Boundaries in Hospitality: The Key to Sustainable Success and Service Excellence

August 16, 2023 | 1362 Views

Boundaries in Hospitality: The Key to Sustainable Success and Service Excellence

Curt Archambault, FMP

Education Strategist, CHART | Partner Consultant, People & Performance Strategies

In the bustling world of hospitality, where the mantra often is "the customer is always right," boundaries can seem like a foreign concept. Whether it's the relentless pace of a restaurant kitchen or the 24/7 demands of a hotel, our industry is notorious for its long hours and the expectation of unwavering  dedication. But as I journeyed through my career, from drive-thrus to the luxury suites, I realized that boundaries are not a hindrance to service excellence; they are, in fact, its very foundation.

The Hospitality Myth: Boundaries as Barriers to Service

In my early days in the hospitality sector, the absence of boundaries was almost a rite of passage. The belief was clear: to serve is to sacrifice. Missing family gatherings, working through weekends, and being on-call became the norm. Setting boundaries? It was perceived as not being committed enough or not putting the guest's needs first.

This mindset wasn't unique to me; it's a sentiment that echoes in the corridors of hotels and the backrooms of restaurants. Boundaries, in this high-pressure environment, were often misconstrued as barriers to delivering exceptional service.

The Cost of Boundless Service

But here's the stark reality: without boundaries, even the most passionate chefs, diligent concierges, and charismatic managers begin to falter. The relentless pace takes a toll, leading to physical exhaustion, mental fatigue, and a decline in the very service standards we aim to uphold.

The Hospitality Revelation: Boundaries as the Bedrock of Service Excellence

Through my experiences and interactions with industry veterans, a transformative realization emerged: boundaries are essential for sustainable success in hospitality.

Here's the enhanced perspective:

  1. Guest Experience: A well-rested staff can provide more attentive, personalized service, leading to enhanced guest satisfaction. In the city that I live in, a number of restaurants (hotels don’t have this opportunity) have chosen to close two nights a week. The result, happier staff, less stress on staffing issues, owner/manager respite and guess what...more profits. Weird!
  2. Efficiency and Quality: Clear boundaries allow staff to focus on their core responsibilities, ensuring tasks are performed efficiently and to the highest standards.
  3. Team Harmony: In the high-stress environment of hospitality, respecting personal boundaries reduces friction and fosters a collaborative spirit. It reduces toxic competition and a Survivor-like mentality.
  4. Organizational Reputation: Hotels and restaurants that prioritize employee well-being often enjoy higher loyalty, positive reviews, and a reputation for excellence. Oh, and guess what, the talent pool pays attention to these things.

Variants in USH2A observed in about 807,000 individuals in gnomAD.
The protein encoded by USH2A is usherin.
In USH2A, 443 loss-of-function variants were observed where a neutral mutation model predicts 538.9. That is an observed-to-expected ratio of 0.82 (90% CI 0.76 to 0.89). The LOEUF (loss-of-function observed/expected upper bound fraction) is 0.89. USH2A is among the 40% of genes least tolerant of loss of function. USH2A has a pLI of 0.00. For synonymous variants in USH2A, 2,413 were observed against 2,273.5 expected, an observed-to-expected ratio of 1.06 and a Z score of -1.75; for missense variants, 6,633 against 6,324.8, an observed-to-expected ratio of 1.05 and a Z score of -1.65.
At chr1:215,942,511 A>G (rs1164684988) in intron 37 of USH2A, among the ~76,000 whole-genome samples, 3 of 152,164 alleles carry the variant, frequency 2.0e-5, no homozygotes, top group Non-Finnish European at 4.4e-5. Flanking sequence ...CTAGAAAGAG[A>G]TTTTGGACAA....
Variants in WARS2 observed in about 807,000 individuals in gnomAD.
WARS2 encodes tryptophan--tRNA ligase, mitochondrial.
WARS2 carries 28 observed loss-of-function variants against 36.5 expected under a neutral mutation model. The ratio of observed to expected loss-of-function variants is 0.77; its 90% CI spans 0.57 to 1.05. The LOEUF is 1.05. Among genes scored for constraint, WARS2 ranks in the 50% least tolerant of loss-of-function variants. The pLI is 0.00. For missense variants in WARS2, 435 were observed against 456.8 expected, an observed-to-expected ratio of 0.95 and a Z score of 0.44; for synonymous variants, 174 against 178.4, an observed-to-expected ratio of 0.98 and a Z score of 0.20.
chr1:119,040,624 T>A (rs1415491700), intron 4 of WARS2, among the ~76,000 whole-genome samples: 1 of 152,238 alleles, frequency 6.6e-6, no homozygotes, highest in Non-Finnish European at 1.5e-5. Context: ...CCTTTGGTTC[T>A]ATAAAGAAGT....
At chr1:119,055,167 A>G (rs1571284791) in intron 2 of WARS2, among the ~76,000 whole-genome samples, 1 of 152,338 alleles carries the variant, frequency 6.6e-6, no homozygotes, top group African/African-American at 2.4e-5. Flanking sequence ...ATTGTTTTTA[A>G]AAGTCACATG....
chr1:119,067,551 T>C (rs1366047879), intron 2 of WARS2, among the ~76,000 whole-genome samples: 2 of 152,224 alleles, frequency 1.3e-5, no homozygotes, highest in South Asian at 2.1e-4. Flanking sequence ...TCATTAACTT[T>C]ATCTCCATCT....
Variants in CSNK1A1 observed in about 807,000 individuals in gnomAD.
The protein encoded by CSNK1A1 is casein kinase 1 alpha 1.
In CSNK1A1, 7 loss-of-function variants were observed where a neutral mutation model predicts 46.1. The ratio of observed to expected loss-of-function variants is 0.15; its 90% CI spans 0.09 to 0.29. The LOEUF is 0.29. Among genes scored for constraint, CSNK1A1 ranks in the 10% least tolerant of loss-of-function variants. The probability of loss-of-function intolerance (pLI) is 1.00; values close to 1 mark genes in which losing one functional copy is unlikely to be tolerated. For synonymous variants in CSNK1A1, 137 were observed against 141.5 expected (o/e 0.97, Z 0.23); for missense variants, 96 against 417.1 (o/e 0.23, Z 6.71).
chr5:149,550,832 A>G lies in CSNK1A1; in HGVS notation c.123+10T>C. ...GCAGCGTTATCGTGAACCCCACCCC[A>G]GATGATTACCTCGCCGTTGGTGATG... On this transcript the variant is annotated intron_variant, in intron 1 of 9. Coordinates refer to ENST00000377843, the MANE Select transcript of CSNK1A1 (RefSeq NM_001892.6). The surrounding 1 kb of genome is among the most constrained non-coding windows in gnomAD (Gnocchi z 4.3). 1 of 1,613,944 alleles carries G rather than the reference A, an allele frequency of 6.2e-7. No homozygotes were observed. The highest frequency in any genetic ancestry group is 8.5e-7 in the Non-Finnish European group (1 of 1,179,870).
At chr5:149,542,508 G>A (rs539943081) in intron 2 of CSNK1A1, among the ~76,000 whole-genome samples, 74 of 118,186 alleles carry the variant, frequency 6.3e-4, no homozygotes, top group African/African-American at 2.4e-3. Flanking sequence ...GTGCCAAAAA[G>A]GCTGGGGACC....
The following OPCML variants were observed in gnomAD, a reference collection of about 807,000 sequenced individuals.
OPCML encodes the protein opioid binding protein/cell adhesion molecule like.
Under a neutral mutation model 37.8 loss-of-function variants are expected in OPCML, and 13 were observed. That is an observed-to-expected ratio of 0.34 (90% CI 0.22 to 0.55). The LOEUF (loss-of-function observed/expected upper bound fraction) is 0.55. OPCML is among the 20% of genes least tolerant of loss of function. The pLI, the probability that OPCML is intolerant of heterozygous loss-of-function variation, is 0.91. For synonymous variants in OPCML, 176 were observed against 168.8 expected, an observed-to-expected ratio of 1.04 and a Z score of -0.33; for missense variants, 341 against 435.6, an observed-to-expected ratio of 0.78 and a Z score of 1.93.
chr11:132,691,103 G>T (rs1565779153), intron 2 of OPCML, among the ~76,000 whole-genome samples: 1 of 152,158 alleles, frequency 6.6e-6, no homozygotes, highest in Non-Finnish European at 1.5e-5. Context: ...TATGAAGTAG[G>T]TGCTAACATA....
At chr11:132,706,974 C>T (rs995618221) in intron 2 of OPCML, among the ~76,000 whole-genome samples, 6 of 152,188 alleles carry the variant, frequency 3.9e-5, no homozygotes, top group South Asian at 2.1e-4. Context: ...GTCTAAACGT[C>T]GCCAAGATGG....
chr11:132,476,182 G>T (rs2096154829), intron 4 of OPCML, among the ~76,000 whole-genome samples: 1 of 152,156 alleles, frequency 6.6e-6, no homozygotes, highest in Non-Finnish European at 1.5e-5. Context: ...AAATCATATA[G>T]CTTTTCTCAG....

A Universal Truth: Boundaries Beyond Hospitality

While these insights are rooted in the hospitality world, they resonate with all industries and walks of life. Whether you're in tech, finance, healthcare, or any other sector, boundaries are crucial for personal well-being and professional excellence.

Embracing Boundaries in Service and Beyond

To my peers in hospitality and beyond: it's time to redefine service. True service excellence is not about stretching ourselves thin, but about serving from a place of balance and well-being. By setting and honoring boundaries, we not only elevate our service standards, but also champion a culture of respect, both for ourselves and for those we serve.

In the world of hospitality, where every detail matters, let's recognize that boundaries are not about saying "no" to our guests but saying "yes" to sustainable success, exceptional service, and personal well-being.

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Comments (2)

  1. Patrick A Yearout:
    Sep 02, 2023 at 09:56 AM

    Curt, how does one overcome the initial perception that setting boundaries might be seen as a lack of commitment by others on the team? Or how does a trainer (especially one who might not be at the top of the org chart) get this movement going at their company?

  2. Curtis Archambault:
    Sep 02, 2023 at 03:23 PM

    Great question Patrick! Grass roots can work but is not ideal. I think it is what is happening with the workforce now who are opting to not want to work for companies that need 110% from staff to be the entry. Sustainable change as you know starts at the top. Model the behaviors listed and encourage others to do the same. Don't reward those that sacrifice and work at a personal disadvantage for the benefit of the company. It is hard but not impossible. Be the spark and then find those first followers.